2. Interview the will-maker alone, not in the presence of the beneficiaries or spouses, except where taking joint instructions from spouses for mirror wills.
  3. Inquire into the nature and extent of the will-maker’s property. Ask about any prior wills (to ensure that all property and prior wills are satisfactorily dealt with, and to ensure that the will-maker knows of all the property being disposed of). Ask the will-maker about the existence of property that may not form part of the estate (e.g. real estate in joint tenancy, joint bank accounts with survivorship rights, insurance policies and pension plans with named beneficiaries, Tax-Free Savings Accounts (TFSAs), Registered Retirement Savings Plans (RRSPs), and Registered Retirement Income Funds (RRIFs)). Ensure that the will-maker understands that such properties, if there are valid beneficiary designations in place, do not form part of the estate and their dispositions are independent of the will and its effects.
  4. Have the will-maker read the Will Instructions Questionnaire over, section by section, or read it aloud to them.
NOTE: The LSLAP office has a precedent file, which may be consulted for the structure of various clauses. Clinicians may also see the Legal Support Staff Desk Reference, the Continuing Legal Education wills precedent book, or any book on will precedents.

D. Undue Influence and Suspicious Circumstances

In order to ensure there is no undue influence, clinicians should follow the British Columbia Law Institute guidelines below when conducting an interview with a client looking for assistance on making a will. Refer to the British Columbia Law Institute’s Recommended Practices for Wills Practitioners Relating to Potential Undue Influence: A Guide for more details on each of the points listed below. The guide can be accessed at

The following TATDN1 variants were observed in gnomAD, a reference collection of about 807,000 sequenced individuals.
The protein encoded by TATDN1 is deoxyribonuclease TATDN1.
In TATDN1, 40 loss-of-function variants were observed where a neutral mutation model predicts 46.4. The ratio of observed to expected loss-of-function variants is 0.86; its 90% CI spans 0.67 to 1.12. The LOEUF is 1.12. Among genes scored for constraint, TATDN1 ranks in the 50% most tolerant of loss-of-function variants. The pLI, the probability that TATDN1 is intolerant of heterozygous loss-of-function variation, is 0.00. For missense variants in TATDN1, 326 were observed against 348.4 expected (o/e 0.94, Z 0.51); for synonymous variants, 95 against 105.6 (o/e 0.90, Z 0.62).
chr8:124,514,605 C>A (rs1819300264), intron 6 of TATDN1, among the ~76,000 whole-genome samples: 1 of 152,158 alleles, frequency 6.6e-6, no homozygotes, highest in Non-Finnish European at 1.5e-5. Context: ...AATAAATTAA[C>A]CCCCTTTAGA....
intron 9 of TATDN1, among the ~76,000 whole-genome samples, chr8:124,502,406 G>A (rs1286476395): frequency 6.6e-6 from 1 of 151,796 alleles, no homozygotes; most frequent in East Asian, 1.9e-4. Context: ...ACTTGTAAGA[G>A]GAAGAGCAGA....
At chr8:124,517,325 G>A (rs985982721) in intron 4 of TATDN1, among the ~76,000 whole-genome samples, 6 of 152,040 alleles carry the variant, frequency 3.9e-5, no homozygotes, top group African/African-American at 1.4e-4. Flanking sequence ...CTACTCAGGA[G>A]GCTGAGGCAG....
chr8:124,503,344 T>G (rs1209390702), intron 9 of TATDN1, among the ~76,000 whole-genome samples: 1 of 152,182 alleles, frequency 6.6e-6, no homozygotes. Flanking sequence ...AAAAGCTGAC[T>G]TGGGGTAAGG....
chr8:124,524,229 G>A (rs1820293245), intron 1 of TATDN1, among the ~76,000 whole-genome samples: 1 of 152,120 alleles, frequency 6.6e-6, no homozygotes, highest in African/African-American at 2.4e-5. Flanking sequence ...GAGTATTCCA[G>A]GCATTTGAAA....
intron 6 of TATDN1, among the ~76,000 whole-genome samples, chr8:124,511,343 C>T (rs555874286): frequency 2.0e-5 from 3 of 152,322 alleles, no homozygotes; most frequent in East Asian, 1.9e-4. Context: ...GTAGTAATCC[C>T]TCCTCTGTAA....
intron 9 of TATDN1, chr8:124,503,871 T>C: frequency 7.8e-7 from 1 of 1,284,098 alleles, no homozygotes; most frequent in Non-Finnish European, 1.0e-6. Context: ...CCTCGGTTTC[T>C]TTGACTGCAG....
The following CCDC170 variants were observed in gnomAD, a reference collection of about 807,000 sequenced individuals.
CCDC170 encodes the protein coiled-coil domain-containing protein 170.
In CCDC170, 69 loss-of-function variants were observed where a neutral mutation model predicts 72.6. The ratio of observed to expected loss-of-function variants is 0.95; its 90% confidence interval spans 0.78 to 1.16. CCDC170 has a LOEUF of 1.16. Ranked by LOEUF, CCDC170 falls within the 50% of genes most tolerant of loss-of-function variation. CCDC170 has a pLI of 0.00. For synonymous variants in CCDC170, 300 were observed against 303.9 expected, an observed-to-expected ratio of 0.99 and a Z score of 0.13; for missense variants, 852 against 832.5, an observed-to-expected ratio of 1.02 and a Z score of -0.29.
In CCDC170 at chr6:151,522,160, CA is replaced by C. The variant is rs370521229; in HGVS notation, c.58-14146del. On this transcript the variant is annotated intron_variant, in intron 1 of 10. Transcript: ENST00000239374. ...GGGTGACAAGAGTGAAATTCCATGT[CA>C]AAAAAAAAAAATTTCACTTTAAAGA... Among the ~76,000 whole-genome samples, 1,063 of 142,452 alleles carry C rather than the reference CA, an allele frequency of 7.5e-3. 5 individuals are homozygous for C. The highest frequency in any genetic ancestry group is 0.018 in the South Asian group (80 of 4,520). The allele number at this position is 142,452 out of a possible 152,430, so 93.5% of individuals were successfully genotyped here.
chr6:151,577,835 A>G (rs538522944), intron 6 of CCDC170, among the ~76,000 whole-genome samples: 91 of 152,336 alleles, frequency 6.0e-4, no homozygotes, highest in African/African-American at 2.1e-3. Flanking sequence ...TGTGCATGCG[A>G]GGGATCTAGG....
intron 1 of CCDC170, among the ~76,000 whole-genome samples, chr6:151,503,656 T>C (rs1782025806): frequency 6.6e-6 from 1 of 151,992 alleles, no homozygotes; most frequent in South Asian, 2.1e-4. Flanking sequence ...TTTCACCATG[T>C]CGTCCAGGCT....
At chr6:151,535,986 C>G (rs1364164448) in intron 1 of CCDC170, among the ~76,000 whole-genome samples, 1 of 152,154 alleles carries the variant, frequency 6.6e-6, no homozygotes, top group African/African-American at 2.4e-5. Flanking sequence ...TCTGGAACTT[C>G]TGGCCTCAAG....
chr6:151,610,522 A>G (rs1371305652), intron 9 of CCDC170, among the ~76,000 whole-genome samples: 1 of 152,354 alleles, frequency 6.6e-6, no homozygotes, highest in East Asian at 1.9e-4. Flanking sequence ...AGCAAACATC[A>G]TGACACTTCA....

1. Interview the will-maker alone

This practice allows the interviewer to satisfy themselves that the will-maker has testamentary capacity. The exception to the practice of meeting the client alone is where one is taking joint instructions from spouses for mirror wills. Should it appear that the instructions are not reciprocal, other than differing specific bequest of personal items (e.g. jewellery to daughter, tools to son) one should not take further instructions. Some lawyers will not take instructions for a new will from one of the parties if that lawyer had previously taken mirror or mutual wills instructions for both. Some lawyers will take unilateral instructions that conflict with the earlier mirror will, provided they are also given express instructions to inform the client’s spouse that new will instructions have been received.

2. Ask non-leading, open ended questions to determine factors operating on the will-maker’s mind

Examples of this type of questions include:

  • How/why did you decide to divide your estate this way?
  • Why did you choose [proposed executor] as the executor of your will?
  • What was important to you in making these decisions?